Continuing the budget standoff will be difficult for those who rely on the state budget, and no one wants to see their pain continue. But this problem should be dealt with now, instead of setting up an even more difficult scenario next year.

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Information Super-“Seaway?”

Michele Steel
Orange County Supervisor (2nd District) and Former California State Board of Equalization Member

Technology’s rapid innovation cycles force internet users to constantly upgrade their IT systems. Could this constant battle against technological obsolescence be so pervasive as to include even our internet metaphors?

Google has announced plans to store their supercomputers that power the internet on barges up to seven miles offshore. Ahoy! The information superhighway has set sail.

As The Times explains, “The “water-based data centres” would use wave energy to power and cool their computers, reducing Google’s costs. Their offshore status would also mean the company would no longer have to pay property taxes on its data centres, which are sited across the world, including in Britain.”

Obviously, these sea-based storage systems remain in the theoretical stage. There remain big, unsolved issues like how to keep the barges safe from hurricanes and terrorists. However, the mere possibility of offshore data-barges underscores the importance of public policymakers staying technologically up-to-date.

California must constantly upgrade our laws, especially tax laws, to keep pace with these new developments. It’s true that the internet has reduced some traditional sources of tax revenue while increasing other tax revenue. The California Legislative Analyst’s Office estimates that since 1981 California’s sales tax base has declined by 10 percent. At the same time, capital gains taxes from hi-tech company stock sales helped close deficits in the early 2000’s.

New iTaxes and interpretations of state-business nexus may seem like great short-term solutions to boost revenue. (California recently considered both ideas in the past legislative session.) Legislators need to remember that no industry or region is protected from the free-market’s invisible hand. If California exacts too many regulatory and tax demands on hi-tech businesses, they might just pack their bags and set sail. Likely? No, but ask the steel workers in Pennsylvania and GM employees in Michigan whether the Silicon Valley could someday become the Silicon Sea.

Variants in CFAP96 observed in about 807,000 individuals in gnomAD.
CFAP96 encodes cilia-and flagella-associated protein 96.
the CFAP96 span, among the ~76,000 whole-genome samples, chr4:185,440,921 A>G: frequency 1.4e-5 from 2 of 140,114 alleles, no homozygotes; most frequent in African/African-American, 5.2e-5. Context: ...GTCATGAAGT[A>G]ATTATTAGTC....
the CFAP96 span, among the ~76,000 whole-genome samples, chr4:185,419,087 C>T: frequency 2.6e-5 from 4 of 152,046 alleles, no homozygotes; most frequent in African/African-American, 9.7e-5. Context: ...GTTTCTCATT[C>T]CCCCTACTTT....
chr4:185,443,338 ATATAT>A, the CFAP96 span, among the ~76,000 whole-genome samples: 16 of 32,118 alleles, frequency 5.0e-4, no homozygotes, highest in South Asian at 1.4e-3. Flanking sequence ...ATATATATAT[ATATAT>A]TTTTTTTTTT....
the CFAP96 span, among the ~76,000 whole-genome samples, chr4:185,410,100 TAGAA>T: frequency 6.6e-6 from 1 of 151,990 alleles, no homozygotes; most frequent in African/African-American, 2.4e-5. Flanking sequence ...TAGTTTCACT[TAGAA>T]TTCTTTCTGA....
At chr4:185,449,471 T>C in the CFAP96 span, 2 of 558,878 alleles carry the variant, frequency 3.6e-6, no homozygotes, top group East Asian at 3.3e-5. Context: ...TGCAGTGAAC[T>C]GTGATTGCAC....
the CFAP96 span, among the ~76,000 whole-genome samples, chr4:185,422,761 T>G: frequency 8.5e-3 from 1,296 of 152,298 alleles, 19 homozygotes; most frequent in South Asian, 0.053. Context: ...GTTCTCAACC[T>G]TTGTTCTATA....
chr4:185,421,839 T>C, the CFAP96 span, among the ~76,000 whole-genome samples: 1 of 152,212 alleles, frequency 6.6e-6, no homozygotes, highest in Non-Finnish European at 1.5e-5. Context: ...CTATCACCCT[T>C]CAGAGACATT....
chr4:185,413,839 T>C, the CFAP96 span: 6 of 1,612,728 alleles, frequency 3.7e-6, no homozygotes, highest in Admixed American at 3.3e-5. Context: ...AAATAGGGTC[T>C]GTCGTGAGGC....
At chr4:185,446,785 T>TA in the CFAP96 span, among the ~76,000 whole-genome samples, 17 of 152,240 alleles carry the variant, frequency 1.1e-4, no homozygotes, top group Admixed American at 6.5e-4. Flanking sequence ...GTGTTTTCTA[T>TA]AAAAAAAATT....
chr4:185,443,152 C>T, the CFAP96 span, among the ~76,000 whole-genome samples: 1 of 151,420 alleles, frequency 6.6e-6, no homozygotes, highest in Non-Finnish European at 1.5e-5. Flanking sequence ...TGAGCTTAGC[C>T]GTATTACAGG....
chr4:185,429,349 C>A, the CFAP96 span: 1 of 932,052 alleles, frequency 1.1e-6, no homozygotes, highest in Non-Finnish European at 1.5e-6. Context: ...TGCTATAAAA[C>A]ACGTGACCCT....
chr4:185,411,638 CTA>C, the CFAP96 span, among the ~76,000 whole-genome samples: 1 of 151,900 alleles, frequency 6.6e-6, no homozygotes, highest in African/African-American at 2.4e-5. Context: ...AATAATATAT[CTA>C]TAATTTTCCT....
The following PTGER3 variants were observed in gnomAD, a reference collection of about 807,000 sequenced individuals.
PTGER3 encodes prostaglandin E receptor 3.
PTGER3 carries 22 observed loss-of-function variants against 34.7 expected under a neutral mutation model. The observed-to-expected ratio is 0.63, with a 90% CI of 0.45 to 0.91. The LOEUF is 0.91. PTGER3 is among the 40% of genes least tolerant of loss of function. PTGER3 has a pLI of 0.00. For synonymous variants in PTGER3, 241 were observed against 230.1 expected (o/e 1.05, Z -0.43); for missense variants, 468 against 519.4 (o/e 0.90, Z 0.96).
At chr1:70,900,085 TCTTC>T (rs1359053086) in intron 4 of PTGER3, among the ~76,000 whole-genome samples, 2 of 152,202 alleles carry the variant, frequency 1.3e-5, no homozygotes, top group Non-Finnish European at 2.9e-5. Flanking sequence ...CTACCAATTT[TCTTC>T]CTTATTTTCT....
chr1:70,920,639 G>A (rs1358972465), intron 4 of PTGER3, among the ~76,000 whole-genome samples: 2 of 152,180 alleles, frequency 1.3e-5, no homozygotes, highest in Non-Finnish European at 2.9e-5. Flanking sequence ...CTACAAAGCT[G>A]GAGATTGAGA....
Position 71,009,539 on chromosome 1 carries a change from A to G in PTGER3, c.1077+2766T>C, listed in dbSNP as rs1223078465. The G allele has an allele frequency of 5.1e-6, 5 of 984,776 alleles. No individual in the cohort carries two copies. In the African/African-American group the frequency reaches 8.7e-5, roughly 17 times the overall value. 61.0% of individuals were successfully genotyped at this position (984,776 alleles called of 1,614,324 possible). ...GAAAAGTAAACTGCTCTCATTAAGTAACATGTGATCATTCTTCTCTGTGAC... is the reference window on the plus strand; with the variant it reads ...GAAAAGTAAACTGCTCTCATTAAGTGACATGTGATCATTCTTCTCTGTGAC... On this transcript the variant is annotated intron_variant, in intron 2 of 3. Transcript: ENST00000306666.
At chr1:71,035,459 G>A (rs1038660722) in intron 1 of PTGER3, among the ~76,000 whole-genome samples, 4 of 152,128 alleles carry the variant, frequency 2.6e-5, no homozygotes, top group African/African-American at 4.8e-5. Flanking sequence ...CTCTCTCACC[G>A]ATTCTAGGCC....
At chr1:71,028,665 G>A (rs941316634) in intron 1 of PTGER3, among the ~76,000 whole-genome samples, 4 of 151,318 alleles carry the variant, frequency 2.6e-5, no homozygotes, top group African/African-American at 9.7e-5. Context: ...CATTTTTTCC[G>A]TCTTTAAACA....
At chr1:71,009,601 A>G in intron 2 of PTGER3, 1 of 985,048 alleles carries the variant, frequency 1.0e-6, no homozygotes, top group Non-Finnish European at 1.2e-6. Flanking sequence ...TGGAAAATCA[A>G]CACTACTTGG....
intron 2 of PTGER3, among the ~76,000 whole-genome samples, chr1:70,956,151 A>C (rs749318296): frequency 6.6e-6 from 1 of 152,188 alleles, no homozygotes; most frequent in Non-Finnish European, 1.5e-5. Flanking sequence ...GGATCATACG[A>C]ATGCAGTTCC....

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At fault, Metrolink fires its messenger.

Public Affairs Consultant specializing in Issue Advocacy and Strategic Communications

Within 48 hours of the fatal Metrolink crash Friday afternoon in Chatsworth, the transit agency’s board of directors dumped its top spokesperson, Denise Tyrrel, over a dispute on how information was shared with the media.

That’s a shame because I found her candor and visibly emotional distress over the tragedy refreshingly human while she quickly provided information that was painfully obvious—a Metrolink engineer screwed up.

Like many other Angelenos, I spent several hours over the weekend looking for news updates on the Metrolink crash in Chatsworth. Unlike other fatal accidents that occur in Los Angeles regularly, this crash seemed different to me, and with Denise Tyrrel, I felt the pain she was experiencing and a sense of guilt that a colleague at her agency had not done his job. Her honesty and human emotions moved me and I am sure thousands of other Angelinos whose hearts went out to the victims’ families.